Life in the hereafter must be boring. Incredibly and excruciatingly boring.
Those were the exact thoughts that ran thru Walski’s mind when The Lord Panda sms’d him this morning, telling Walski that the 6th installment of The Hitchhiker’s Guide to the Galaxy trilogy would be coming out in October this year.
Why? Well, for starters, the author of the extended-play trilogy, Douglas Adams, died in 2001. And more importantly, time travel has not yet been made commercially available for all and sundry to abuse. Not even Douglas Adams, post-humorously.
So, how could it be that another book would be released, 8 years after Adams’ death, making Hitchhiker’s the longest ever trilogy? Something just wasn’t cricket…
As it turns out, the book release was, in fact, old news. BBC had reported, back in September 2008, that a new author had been selected to continue the timeless travels of Arthur Dent (bathrobe and towel in tow, no less). So, no, it won’t be Douglas Adams writing it from the great beyond.
And the author selected (by Adams’ widow) is none other than the creator of the best-selling Artemis Fowl children's book series, Eoin Colfer. The new HG2G author, whose first name is seemingly much more difficult to pronounce than Douglas (it’s pronounced similar to Owen, apparently), in his New Year’s video message, expresses both excitement and some trepidation about the 6th Hitchhiker’s book, entitled “And Another Thing...”.
Trepidation, because of the expectations put upon him. Colfer said that he expected some people are probably going to “burn it in their fireplace”. Which is something, he added, he’d not be able to do much about.
(many other things, and then some, in the full post)
And which is something that Walski can truly understand and appreciate. Taking over the responsibility to continue with somebody else’s literary legacy is no enviable task. While for Douglas Adams it may be an SEP – he is, after all, dead and gone – for the living fans, it becomes something else altogether. And Walski thinks that the most natural thing to happen is for fans to start comparing Eoin Colfer’s writing to that of Douglas Adams.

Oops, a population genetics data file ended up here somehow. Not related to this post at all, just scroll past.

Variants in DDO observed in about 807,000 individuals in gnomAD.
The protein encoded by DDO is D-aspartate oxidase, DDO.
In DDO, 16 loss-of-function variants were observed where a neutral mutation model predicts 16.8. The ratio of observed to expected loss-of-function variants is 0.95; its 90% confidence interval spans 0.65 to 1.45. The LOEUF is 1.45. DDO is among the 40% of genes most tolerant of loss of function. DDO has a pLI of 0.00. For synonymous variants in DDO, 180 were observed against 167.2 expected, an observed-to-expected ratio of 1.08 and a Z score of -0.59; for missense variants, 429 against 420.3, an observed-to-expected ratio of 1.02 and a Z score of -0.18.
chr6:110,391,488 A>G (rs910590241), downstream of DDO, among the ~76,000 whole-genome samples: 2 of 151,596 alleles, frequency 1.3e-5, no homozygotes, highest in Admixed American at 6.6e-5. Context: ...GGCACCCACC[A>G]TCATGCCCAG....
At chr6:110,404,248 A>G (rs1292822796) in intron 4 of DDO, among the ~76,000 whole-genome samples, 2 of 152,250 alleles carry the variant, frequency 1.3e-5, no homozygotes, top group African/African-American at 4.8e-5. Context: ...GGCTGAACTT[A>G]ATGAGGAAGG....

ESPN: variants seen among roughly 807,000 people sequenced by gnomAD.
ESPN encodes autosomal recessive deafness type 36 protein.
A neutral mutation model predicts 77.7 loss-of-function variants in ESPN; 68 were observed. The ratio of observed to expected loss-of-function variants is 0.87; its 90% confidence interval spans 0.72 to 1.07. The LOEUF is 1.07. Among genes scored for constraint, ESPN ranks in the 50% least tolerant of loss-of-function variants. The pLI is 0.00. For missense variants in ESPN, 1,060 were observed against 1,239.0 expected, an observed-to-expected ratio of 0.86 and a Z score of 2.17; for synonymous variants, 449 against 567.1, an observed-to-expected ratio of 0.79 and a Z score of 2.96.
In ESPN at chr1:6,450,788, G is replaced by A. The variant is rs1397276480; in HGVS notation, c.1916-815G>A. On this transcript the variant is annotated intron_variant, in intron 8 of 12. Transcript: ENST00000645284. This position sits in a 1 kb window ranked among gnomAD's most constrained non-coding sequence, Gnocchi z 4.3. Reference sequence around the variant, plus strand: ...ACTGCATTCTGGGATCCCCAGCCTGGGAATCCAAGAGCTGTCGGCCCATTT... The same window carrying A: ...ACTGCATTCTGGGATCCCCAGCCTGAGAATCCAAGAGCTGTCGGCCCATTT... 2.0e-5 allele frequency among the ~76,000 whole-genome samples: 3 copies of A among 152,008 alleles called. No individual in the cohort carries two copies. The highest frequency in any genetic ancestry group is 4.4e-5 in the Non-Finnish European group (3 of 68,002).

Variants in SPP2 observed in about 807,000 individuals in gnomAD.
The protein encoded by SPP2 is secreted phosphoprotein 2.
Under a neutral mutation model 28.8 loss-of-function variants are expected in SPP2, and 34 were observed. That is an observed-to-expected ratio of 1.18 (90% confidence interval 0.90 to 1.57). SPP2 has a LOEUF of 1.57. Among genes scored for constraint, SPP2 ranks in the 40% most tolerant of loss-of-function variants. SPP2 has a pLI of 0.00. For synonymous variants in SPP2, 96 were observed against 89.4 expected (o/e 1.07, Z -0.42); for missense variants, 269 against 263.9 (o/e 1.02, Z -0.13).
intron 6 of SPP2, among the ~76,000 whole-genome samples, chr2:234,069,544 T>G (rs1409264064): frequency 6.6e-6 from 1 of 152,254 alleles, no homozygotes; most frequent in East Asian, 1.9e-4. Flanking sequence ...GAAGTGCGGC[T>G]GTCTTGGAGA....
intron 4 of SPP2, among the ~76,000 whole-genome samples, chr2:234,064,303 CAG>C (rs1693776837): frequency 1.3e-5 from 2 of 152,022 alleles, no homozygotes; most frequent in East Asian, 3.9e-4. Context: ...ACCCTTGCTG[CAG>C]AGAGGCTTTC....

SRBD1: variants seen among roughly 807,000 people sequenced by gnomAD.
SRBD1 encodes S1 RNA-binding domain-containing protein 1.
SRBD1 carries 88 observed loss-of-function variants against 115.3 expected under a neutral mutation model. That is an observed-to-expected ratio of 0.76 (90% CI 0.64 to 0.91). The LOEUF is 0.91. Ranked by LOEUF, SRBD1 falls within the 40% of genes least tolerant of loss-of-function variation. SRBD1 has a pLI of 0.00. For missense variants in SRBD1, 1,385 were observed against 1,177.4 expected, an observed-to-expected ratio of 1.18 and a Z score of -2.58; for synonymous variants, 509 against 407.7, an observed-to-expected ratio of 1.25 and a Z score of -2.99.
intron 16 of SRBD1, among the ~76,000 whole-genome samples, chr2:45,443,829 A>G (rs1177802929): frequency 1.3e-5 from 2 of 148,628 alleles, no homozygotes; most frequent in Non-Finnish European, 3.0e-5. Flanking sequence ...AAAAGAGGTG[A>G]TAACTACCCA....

Which, in a nutshell, is a sure recipe for disaster and disappointment.
There can never be another Douglas Adams. This is something Eoin Colfer knows, and it’s something that Walski realizes as well. It’s a book, while continuing with the characters we’ve all come to know and love, that will be more Eoin Colfer than Douglas Adams. Which, going by the Artemis Fowl books, is something Walski will actually be looking forward to.
And that’s something we’ll all have to live with.
Incidentally, on a total tangent, should anyone be interested to continue with this blog once Walski (the real person behind the persona) becomes worm food, do write in, and he’ll put you in his will.
Which is something Douglas Adams didn’t get to do. Walski reckons that “being dead at 49” wasn’t exactly something the beloved HG2G author penciled into his date book, and so bequeathing the franchise probably wasn’t high on the list of priorities.
But such is life – it goes on, regardless. As will the HG2G series, Walski thinks. Even after Eoin Colfer, in all improbability. So, look out for it in your favorite local book-pusher, come October this year.
And wouldn’t you know it? It’s Thursday.
Walski’s HG2G blatant reference abuse apology footnote: It would probably take a fan of The Hitchhiker’s Guide To The Galaxy series to appreciate the fact that this post is rife with references to the trilogy of five (soon six) books. But if you’re not, and you’re confused – especially it being Thursday and all – do accept Walski’s apologies.